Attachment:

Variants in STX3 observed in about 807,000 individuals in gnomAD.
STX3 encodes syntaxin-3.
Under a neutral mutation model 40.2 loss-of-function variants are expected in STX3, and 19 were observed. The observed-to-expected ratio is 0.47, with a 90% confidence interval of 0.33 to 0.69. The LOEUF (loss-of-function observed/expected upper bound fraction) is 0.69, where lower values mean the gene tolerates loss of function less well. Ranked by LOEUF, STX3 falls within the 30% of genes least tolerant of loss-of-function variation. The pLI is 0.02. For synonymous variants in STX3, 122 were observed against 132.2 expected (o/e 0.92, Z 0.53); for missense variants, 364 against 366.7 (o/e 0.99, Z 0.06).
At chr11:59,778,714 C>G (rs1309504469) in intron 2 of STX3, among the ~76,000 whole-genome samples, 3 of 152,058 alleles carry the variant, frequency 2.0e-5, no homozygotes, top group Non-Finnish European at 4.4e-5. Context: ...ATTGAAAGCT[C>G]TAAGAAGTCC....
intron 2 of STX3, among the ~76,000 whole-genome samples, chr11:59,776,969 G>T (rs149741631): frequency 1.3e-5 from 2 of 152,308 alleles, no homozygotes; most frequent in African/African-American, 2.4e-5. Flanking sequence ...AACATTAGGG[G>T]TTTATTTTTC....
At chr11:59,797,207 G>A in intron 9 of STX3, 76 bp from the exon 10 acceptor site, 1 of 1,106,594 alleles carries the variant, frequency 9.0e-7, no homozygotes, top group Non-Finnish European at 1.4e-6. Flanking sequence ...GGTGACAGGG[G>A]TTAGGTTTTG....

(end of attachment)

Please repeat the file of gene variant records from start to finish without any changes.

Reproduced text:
Variants in STX3 observed in about 807,000 individuals in gnomAD.
STX3 encodes syntaxin-3.
Under a neutral mutation model 40.2 loss-of-function variants are expected in STX3, and 19 were observed. The observed-to-expected ratio is 0.47, with a 90% confidence interval of 0.33 to 0.69. The LOEUF (loss-of-function observed/expected upper bound fraction) is 0.69, where lower values mean the gene tolerates loss of function less well. Ranked by LOEUF, STX3 falls within the 30% of genes least tolerant of loss-of-function variation. The pLI is 0.02. For synonymous variants in STX3, 122 were observed against 132.2 expected (o/e 0.92, Z 0.53); for missense variants, 364 against 366.7 (o/e 0.99, Z 0.06).
At chr11:59,778,714 C>G (rs1309504469) in intron 2 of STX3, among the ~76,000 whole-genome samples, 3 of 152,058 alleles carry the variant, frequency 2.0e-5, no homozygotes, top group Non-Finnish European at 4.4e-5. Context: ...ATTGAAAGCT[C>G]TAAGAAGTCC....
intron 2 of STX3, among the ~76,000 whole-genome samples, chr11:59,776,969 G>T (rs149741631): frequency 1.3e-5 from 2 of 152,308 alleles, no homozygotes; most frequent in African/African-American, 2.4e-5. Flanking sequence ...AACATTAGGG[G>T]TTTATTTTTC....
At chr11:59,797,207 G>A in intron 9 of STX3, 76 bp from the exon 10 acceptor site, 1 of 1,106,594 alleles carries the variant, frequency 9.0e-7, no homozygotes, top group Non-Finnish European at 1.4e-6. Flanking sequence ...GGTGACAGGG[G>A]TTAGGTTTTG....